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Choosing a journal: the impact factor

Filed on: May 8, 2009 | Written by Yateendra Joshi | 1 comment

How do you choose the journal to which you’d like to submit the research paper you have either written or plan to write? Although most researchers would like their papers to appear in prestigious journals, these journals are known for their high “rejection rates,” that is, the more reputed journals reject most of the papers they receive and publish only a few. As a savvy researcher, you know that while it is better to be published in a more prestigious journal than in a less prestigious one, not being published at all is worse.  

What is a prestigious journal?

One measure of prestige is the journal’s impact factor. If a journal has a high impact factor, it means that papers published in that journal are, on average, cited more often than those published in other journals (those with lower impact factors). More specifically, the impact factor of a journal for a given year – yes, the impact factor of a journal can change from year to year – is the number of times any paper published in that journal has been cited divided by the total number of citable items published in the journal. For example, the impact factor of journal XYZ for 2008 is calculated as follows:

Impact factor for journal XYZ for 2008 = (Number of citations in 2006 and 2007 to papers published in XYZ)/(Total number of papers published in XYZ in 2006 and 2007). One of the most prestigious scientific journals is Nature; its impact factor for 2008 was 28.751. Nearly 75% of the journals, however, have an impact factor less than 1.0. While choosing a journal to be published in as a researcher, you need to consider other factors as well. Journals that are published more frequently, for instance, are likely to publish your paper sooner than those that appear less frequently. And if your research has a regional focus, you should consider journals published from that region. I'll discussing these matters in greater detail in future blogs.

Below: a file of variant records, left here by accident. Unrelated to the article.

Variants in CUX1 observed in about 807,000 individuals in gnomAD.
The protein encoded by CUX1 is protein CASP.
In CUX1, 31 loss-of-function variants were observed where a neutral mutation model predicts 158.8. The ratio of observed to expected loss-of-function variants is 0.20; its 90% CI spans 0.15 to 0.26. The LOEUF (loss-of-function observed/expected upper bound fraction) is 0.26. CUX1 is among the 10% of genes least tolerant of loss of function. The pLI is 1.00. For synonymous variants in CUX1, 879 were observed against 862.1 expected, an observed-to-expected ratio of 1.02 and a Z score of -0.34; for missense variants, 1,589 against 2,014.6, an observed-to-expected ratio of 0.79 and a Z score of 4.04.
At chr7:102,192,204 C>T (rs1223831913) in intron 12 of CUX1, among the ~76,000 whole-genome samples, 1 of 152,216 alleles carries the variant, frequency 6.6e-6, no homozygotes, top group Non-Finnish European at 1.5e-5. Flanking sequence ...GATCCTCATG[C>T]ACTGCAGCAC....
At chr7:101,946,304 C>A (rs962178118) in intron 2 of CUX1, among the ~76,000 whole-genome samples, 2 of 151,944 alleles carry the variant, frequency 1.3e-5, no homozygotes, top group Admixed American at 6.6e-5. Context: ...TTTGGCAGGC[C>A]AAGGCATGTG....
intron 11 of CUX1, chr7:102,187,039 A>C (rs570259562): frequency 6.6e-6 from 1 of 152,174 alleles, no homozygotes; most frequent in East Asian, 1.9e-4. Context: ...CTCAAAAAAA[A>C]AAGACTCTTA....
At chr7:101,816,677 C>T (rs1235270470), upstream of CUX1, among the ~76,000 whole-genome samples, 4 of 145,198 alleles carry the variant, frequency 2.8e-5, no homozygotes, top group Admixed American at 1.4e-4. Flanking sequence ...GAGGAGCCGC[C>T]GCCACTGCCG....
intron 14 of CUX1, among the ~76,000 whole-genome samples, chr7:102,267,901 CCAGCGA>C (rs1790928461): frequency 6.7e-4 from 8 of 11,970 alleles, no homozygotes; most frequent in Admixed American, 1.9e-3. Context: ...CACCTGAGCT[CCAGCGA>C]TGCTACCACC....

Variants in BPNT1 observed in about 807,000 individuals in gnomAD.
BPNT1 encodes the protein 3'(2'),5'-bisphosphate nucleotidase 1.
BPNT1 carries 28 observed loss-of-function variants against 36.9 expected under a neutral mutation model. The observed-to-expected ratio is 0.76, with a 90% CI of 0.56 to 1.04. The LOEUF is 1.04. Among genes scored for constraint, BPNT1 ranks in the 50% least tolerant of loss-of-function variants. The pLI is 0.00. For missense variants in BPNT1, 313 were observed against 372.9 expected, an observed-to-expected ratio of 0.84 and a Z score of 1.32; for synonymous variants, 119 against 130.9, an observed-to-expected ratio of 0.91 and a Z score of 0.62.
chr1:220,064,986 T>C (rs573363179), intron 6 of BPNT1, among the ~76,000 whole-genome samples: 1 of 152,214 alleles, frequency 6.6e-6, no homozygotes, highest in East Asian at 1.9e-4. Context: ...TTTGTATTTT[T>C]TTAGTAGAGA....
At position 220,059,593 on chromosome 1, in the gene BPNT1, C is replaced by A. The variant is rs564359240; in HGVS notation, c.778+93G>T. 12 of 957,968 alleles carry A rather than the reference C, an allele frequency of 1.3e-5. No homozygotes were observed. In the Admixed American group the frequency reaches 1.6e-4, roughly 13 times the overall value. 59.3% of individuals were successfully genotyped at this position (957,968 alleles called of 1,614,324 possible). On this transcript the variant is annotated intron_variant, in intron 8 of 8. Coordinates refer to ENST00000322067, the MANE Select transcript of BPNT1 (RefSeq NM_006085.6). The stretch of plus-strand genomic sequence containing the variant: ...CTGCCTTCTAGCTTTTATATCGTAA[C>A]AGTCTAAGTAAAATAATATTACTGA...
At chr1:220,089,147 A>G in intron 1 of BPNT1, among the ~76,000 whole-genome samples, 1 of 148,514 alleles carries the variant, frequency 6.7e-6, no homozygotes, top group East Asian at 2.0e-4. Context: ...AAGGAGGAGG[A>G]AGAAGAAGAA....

["Publish and prosper" is a series of posts about tips for researchers whose first language is not English but who submit papers to journals published in English. The series touches upon not only writing (spelling, grammar, punctuation, usage, and style) but everything else relevant to publishing research papers that journal editors wish their authors knew.]